How does domestic violence play into the issues of “mesarvei get” and “agunot”?
The behavior of a mesarev get is itself a kind of abuse: a man who refuses to give his wife a get is abusing his privileges under Jewish law and is seeking to control her in an abusive way. Often, when a man is unwilling to grant his wife a get, this is a continuation of controlling and abusive behaviors that were present in the couple’s marriage. Domestic violence is made up of many kinds of abuse (physical, emotional, financial, sexual) that a woman seeking a get may have survived; if her husband forces her to become an agunah, this is another form of abuse.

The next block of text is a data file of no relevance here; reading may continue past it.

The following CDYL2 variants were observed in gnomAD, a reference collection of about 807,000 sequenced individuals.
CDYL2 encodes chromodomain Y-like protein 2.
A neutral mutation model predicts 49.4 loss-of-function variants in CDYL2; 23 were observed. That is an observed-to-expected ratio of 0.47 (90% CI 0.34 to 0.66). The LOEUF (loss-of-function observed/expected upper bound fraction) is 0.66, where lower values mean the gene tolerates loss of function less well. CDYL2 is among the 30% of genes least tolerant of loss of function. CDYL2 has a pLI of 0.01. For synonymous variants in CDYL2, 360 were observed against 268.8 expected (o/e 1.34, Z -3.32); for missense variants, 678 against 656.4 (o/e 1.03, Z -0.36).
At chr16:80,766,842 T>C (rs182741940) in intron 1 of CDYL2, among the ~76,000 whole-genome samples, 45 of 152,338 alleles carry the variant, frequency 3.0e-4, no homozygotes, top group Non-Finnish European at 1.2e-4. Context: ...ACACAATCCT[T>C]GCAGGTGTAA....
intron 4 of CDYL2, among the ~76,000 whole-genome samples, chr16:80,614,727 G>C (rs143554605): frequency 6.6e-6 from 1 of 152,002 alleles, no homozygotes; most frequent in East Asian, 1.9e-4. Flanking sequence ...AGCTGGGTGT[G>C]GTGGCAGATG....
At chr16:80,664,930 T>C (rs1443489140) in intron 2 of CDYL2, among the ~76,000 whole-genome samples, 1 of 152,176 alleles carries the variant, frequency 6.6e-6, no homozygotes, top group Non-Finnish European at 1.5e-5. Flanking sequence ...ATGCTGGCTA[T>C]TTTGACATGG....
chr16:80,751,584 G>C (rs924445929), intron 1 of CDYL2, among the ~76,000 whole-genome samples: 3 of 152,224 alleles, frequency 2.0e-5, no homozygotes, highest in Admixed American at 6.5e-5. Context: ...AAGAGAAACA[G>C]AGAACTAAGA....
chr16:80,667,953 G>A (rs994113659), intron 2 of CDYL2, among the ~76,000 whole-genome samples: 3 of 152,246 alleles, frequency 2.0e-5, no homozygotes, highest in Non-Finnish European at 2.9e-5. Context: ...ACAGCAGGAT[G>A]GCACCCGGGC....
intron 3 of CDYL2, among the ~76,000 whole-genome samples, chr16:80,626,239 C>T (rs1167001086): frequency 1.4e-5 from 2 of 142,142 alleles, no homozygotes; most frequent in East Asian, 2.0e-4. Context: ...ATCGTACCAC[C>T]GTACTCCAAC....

Many Jewish women who have survived domestic violence feel shame because they believe that other Jewish husbands are not abusive and that they themselves have failed to fulfill their duty of creating shalom bayit, peace in the home. Remember: domestic violence is never the woman's fault, no matter what your religion. Rates of domestic violence are about the same in the Jewish community as in the community at large, and they are the same across all socio-economic levels, all levels of education, all streams of Judaism, and all levels of observance. A Jewish woman is as likely as any other woman to become a victim of domestic violence. Like all such victims, she does not deserve the abuse. She does deserve the right to take whatever steps are necessary to ensure her safety and happiness and those of her children and future children.
Many battei din consider it a moral obligation to help an abused wife get away from her husband and receive a get. If your beit din is not proactive, you might consider contacting one of the organizations that assist agunot and victims of domestic violence.